Who motivates the motivators?

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This was a discussion brought up to me recently by a colleague of mines, which I found extremely interesting. We both are very familiar with serving the role of primary motivator/mentor for people in our lives, so the question came down to who gets people like us motivated when we are down. I started asking several friends of mines who are in similar positions & was met with the same bewildered face as I had when it was asked to me.

Being in the position where people always come to you for help sometimes leaves you high&dry when you're the one looking for advice. People usually don't give you the benefit of the doubt that you need help & assume that since you're so good at giving advice that you should be able to help yourself and I also think on the flip side that those who do the motivating usually won't seek help for the same reason.  I can say that the latter was a problem of mines as I would try and internalize all my  issues & would almost go out my way not to seek timely advice. Once I realized how detrimental that way of thinking was I began to open up more which improved not only my well personal well-being but my position as a motivator improved as well.  In the field of medicine where most come in with Type A personalities & "no flaws", it is always gratifying to see that not only are there people who are willing to push you to do great things but that those same people sometimes look for you to push themselves. In short "Who motivates the motivators?", everyone as long as you're open to being motivated.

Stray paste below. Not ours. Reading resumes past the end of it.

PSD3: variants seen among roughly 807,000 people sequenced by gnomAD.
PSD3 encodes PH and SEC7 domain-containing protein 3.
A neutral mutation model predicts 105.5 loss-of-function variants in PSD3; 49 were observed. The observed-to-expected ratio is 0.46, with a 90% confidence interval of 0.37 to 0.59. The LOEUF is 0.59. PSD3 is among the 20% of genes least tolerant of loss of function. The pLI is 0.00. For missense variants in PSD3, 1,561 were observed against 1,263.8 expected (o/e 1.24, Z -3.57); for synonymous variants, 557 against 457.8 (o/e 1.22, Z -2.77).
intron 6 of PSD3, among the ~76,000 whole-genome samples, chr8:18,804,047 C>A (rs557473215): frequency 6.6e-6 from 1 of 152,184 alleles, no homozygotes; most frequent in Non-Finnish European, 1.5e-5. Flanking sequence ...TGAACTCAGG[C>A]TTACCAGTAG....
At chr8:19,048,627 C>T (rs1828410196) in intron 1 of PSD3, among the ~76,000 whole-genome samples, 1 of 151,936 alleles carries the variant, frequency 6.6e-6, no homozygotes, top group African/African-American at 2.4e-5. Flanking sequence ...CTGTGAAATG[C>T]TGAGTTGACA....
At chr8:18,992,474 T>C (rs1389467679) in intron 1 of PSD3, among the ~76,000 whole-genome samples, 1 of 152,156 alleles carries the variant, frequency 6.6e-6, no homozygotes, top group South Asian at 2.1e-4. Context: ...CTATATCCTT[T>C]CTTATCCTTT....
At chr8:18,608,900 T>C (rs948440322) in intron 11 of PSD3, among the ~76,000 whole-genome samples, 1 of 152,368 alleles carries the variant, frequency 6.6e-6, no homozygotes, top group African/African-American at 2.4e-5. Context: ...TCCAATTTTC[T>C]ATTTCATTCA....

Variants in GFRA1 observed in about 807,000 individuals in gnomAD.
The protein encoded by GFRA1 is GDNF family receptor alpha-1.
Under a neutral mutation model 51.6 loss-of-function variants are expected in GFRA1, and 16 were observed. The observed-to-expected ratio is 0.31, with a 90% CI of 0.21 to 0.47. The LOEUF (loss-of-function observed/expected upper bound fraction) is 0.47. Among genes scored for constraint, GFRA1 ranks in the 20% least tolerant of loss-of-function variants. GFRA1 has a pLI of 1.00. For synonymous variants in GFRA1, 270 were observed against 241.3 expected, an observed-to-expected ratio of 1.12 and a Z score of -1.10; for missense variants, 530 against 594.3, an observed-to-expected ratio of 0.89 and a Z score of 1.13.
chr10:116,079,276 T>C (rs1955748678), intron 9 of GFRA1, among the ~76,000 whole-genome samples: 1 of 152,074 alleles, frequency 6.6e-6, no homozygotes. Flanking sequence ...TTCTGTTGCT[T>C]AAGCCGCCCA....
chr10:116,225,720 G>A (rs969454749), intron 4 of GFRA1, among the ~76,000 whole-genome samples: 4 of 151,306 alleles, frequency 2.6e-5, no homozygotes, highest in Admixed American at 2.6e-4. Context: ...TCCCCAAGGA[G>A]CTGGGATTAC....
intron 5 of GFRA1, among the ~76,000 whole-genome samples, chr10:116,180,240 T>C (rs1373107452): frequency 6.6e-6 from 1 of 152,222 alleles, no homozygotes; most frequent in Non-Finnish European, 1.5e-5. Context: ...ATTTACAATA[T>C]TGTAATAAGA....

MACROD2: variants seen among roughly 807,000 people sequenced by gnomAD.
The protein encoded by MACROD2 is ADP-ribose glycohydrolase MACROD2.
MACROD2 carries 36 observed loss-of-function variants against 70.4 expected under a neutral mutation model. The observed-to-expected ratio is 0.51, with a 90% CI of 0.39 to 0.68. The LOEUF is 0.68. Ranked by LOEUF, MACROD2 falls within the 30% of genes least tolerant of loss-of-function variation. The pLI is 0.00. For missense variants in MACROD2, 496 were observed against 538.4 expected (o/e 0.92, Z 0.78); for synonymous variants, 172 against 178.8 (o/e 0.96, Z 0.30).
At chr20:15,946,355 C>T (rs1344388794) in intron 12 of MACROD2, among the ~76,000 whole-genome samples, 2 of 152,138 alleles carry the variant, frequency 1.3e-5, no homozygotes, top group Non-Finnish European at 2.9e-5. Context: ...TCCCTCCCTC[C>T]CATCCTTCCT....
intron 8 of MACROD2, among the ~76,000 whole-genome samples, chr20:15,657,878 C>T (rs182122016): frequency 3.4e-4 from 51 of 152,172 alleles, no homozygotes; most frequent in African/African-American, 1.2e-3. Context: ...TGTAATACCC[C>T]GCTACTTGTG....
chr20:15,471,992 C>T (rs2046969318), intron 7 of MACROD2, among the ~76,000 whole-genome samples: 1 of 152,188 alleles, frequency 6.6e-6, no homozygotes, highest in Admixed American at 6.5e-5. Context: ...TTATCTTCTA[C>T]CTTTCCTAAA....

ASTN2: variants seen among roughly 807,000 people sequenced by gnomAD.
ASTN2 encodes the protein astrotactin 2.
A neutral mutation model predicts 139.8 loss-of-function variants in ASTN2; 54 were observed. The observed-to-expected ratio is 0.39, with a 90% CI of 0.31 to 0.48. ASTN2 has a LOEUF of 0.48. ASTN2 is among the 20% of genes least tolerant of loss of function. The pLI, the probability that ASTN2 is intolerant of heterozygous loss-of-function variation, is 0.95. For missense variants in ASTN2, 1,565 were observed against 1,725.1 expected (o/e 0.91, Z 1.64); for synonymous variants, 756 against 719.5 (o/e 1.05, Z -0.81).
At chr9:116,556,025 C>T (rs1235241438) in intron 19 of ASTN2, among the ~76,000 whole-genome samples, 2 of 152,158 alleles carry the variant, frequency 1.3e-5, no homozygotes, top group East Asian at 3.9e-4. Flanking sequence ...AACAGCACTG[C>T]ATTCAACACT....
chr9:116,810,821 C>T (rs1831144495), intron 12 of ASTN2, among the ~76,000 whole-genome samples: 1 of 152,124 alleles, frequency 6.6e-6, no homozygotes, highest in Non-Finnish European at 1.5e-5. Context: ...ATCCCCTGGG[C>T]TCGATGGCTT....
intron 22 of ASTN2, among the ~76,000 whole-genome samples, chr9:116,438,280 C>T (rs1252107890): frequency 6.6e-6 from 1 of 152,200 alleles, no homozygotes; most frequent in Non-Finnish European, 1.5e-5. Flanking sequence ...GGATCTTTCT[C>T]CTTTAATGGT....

Keep Jotting Down

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Last night while trying to erase all some old files off my laptop I came across a vision statement I wrote to myself right before starting residency. I always make a habit of writing down my goals because in my mind once it's on a sheet of paper I am more obligated to do them [dont know why]. I'm just glad to see I'm still on the path.

" At the completion of my residency I hope to establish a practice in either Palm Beach or Broward County. I plan to serve the underserved and geriatric community. The plans for my practice include a 6-8-room office as well as a separate area where my patients would wait to get their labs drawn, or various other ancillary tests to ensure an efficient office appointment. I also have plans to bring in a cardiologist & gastroenterologist weekly so my patients would not have to travel to various locations for their health needs. My final professional goal is to work in academia in some fashion whether it is as a part time lecturer or full time professor with the potential to one day become a Program Director of a residency.
My personal goal is to continue to give back to the local & underserved communities as well as students including premed, medical students & residents. I really enjoy teaching & promoting the field of medicine & plan to remain a fixture in the schools giving presentations & speeches to encourage those that this is the career to choose. "